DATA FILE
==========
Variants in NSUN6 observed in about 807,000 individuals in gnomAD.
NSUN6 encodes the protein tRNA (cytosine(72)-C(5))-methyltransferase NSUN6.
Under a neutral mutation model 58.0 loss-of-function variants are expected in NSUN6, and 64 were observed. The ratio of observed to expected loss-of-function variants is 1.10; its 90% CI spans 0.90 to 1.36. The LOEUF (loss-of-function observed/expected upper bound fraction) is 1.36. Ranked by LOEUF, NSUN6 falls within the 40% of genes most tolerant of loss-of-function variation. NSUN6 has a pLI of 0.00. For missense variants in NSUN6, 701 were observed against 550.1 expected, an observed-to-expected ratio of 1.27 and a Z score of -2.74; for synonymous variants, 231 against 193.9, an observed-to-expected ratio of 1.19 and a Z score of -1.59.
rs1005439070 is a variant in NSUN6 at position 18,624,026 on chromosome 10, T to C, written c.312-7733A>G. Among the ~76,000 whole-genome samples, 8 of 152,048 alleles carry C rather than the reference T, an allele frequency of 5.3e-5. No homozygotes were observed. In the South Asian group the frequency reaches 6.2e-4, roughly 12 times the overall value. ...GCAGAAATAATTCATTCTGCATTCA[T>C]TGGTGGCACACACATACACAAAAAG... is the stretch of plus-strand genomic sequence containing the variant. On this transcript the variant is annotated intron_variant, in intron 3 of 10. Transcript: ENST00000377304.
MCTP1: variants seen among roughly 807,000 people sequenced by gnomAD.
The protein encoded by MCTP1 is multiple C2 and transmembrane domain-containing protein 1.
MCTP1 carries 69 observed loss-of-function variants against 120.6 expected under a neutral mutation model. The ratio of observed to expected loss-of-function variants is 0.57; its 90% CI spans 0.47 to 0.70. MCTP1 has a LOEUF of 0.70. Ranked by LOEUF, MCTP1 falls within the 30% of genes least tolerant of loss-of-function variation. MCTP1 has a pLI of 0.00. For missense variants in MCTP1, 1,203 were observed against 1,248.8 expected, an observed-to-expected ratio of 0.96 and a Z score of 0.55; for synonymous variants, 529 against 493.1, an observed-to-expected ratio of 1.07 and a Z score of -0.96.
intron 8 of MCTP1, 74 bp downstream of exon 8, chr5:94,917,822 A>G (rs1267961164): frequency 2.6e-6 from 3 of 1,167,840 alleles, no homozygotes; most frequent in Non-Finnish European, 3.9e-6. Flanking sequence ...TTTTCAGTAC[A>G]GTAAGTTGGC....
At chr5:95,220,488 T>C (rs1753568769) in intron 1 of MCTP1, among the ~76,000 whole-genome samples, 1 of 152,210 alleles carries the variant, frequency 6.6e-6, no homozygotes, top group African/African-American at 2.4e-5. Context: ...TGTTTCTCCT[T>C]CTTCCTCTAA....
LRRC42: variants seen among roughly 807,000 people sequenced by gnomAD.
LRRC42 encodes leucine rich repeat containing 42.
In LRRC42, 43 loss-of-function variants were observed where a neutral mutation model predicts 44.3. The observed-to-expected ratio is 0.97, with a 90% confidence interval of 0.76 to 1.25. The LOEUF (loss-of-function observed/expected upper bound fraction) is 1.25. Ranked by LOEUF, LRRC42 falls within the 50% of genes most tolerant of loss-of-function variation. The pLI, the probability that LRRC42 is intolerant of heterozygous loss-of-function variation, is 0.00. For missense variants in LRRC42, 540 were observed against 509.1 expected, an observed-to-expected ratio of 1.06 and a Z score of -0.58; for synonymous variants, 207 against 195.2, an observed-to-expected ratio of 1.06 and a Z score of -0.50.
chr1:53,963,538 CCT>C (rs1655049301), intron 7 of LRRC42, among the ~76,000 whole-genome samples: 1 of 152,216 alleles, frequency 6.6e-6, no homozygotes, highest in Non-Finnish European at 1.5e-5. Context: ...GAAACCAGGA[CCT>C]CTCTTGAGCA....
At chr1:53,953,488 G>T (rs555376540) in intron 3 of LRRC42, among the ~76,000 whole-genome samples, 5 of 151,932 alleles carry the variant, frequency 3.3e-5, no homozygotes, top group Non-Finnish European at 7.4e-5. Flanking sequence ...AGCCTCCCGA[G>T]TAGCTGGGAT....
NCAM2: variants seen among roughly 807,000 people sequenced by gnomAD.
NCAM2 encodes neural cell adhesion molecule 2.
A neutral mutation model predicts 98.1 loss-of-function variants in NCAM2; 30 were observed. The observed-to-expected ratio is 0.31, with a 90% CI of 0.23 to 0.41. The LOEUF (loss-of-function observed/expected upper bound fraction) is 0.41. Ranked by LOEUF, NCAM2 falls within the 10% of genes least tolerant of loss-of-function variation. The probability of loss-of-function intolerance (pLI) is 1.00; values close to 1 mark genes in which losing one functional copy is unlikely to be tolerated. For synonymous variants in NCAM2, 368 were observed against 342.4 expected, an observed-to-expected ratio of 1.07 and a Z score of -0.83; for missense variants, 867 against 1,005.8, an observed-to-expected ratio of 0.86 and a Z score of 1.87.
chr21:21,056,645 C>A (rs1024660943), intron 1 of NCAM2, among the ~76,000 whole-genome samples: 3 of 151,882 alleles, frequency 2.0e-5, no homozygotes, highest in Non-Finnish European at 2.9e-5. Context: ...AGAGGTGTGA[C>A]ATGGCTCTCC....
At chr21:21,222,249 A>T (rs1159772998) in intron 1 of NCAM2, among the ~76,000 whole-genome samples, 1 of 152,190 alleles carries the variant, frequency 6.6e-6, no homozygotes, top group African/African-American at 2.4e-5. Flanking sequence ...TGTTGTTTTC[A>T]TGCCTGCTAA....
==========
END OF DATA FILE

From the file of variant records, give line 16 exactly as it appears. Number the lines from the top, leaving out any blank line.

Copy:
NCAM2 encodes neural cell adhesion molecule 2.